Vol 0, No 3
12 October 1998
P R A G U E :|
Beating the dead horse of "globalization"
For the second year in a row, Prague Castle is the site of Forum 2000, a global conference of international "thinkers." Unfortunately, discussing the issue of globalization seems a bit behind the times.
Originally conceived by Czech president Vaclav Havel as a means of addressing global issues from a more humane perspective, this year's conference, which runs from 11 to 14 October, again includes a panel of world renowned politicians, historians, sociologists, dissidents, scientists, human rights activists, philosophers and theologians.
Despite the high profile guest list, including several big names and the odd Nobel laureate or nominee (Hillary Clinton, Henry Kissinger, Adam Michnik, Wei Jingsheng), the conference is bound to suffer under the dead weight of its chosen theme: "Globalization - experience, instruments, procedures." Although the organizers aim to run this tired non-issue through a new wringer and tackle it from the perspective of different cultures and civilizations, a preliminary glance at some of the keynote speeches suggests the guests, armed with cliches and stock phrases, are doing less tackling and more beating - of a dead horse.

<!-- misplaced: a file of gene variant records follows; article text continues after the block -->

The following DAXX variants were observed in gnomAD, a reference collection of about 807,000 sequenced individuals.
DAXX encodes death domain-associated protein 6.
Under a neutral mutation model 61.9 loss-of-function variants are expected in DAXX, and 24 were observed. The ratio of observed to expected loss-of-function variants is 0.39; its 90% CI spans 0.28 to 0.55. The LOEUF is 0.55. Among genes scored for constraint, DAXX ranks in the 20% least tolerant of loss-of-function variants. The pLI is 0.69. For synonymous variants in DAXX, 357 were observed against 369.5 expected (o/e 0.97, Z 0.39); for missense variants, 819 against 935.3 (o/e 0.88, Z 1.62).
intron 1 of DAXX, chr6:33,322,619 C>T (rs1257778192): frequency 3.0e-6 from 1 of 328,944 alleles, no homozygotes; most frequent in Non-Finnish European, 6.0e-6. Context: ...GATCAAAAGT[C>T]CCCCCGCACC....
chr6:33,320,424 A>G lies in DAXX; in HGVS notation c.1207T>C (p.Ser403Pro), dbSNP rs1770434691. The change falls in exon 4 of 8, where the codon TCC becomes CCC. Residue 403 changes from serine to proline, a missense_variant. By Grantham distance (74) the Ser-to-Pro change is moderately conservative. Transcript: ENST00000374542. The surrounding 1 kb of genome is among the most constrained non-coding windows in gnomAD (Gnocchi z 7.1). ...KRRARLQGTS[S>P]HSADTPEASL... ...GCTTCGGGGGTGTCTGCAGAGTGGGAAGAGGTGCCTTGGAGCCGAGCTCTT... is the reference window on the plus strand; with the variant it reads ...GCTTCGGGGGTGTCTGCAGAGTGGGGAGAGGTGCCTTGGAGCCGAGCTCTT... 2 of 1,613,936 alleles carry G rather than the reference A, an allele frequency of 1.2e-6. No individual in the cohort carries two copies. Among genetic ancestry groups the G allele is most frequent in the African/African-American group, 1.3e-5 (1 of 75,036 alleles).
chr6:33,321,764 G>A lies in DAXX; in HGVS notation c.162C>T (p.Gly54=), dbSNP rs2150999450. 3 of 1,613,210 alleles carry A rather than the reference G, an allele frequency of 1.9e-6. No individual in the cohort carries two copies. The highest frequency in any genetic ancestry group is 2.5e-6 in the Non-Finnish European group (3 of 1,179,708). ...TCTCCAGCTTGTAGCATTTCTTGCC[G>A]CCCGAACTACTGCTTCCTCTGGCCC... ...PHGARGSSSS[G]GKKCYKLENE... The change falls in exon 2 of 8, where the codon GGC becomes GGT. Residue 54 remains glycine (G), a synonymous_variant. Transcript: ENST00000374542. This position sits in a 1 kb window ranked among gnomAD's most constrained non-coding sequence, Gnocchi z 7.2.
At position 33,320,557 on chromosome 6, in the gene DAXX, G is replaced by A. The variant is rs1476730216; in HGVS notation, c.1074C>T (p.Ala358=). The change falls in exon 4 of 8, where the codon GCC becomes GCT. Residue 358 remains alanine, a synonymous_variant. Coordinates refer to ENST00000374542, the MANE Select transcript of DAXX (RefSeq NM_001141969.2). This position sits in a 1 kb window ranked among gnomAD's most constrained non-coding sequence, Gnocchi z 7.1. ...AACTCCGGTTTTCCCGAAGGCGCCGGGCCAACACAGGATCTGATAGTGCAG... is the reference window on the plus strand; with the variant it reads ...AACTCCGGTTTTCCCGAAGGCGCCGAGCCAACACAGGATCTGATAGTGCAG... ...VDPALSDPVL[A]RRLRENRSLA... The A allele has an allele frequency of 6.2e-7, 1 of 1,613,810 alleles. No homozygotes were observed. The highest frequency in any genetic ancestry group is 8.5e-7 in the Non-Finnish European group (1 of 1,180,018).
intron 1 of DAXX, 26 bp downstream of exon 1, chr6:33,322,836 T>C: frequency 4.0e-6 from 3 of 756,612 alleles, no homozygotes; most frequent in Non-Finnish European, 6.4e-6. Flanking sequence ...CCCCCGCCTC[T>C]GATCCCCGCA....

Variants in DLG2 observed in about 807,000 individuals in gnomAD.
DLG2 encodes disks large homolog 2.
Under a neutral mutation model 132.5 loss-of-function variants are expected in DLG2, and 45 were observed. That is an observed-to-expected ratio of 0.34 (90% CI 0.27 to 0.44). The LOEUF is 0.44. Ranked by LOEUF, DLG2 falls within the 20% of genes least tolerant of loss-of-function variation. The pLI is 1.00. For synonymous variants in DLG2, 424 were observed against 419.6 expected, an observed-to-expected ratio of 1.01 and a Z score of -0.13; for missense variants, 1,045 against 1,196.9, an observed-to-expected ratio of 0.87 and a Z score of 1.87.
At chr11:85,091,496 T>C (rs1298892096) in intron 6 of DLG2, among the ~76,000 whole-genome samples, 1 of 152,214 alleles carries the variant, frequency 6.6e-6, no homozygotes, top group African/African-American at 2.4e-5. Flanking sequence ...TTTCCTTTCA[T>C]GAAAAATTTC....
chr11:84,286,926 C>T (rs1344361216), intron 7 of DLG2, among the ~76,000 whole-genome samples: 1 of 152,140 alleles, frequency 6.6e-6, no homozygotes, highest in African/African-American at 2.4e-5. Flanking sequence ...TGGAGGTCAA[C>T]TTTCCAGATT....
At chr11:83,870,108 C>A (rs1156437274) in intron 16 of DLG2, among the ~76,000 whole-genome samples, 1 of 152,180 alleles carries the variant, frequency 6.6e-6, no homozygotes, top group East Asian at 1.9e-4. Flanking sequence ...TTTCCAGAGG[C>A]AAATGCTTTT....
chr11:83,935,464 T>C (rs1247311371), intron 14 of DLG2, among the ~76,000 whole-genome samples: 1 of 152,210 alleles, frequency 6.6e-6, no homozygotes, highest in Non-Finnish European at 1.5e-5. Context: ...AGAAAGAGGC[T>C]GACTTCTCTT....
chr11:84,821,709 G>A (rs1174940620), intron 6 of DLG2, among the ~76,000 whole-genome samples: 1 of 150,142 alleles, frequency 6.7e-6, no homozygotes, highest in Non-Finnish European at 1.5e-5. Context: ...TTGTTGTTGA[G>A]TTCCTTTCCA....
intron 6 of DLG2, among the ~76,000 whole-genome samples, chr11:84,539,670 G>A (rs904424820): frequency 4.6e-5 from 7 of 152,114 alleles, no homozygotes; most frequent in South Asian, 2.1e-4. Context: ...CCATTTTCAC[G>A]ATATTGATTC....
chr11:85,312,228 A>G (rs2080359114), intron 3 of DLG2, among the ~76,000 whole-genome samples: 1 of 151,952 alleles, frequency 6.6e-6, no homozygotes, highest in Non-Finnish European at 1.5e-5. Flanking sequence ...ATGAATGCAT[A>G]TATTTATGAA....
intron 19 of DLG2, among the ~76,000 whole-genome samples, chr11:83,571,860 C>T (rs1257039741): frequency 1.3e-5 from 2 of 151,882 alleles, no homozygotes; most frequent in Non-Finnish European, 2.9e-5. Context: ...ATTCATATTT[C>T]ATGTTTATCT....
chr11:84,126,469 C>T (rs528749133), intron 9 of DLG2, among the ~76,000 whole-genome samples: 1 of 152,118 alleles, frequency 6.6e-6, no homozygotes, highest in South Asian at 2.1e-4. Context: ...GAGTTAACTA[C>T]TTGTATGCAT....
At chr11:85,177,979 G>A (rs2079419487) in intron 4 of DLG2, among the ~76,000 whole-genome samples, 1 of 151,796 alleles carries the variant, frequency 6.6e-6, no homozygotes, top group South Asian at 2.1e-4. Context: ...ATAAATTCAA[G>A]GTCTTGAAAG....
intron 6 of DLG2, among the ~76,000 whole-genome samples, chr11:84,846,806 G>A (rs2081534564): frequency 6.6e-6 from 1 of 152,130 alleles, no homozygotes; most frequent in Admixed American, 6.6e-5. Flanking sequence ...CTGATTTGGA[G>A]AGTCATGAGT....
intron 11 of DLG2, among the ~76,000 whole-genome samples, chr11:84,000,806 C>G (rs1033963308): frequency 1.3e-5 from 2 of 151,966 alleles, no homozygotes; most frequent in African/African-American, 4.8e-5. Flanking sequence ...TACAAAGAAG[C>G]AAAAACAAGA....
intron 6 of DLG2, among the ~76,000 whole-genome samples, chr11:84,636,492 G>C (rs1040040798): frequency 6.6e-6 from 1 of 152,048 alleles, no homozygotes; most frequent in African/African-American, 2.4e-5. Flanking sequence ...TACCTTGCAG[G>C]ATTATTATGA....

Last year's conference was similar: it was graced by the presence of noble participants such as the Dalai Lama, Simon Peres and Elie Wiesel, yet it opted for another cliche theme: "Concerns and Hopes on the Threshold of the New Millennium."
Havel and his organizers hope to make the conference a regular event, and one trusts that they will not wish to make it an annual, highbrow bore. Hopefully, next year, they will manage to pull it out of its regressive, thematic deadlock and start confronting their honored guests with some challenging topics.
Kazi Stastna, 12 October 1998
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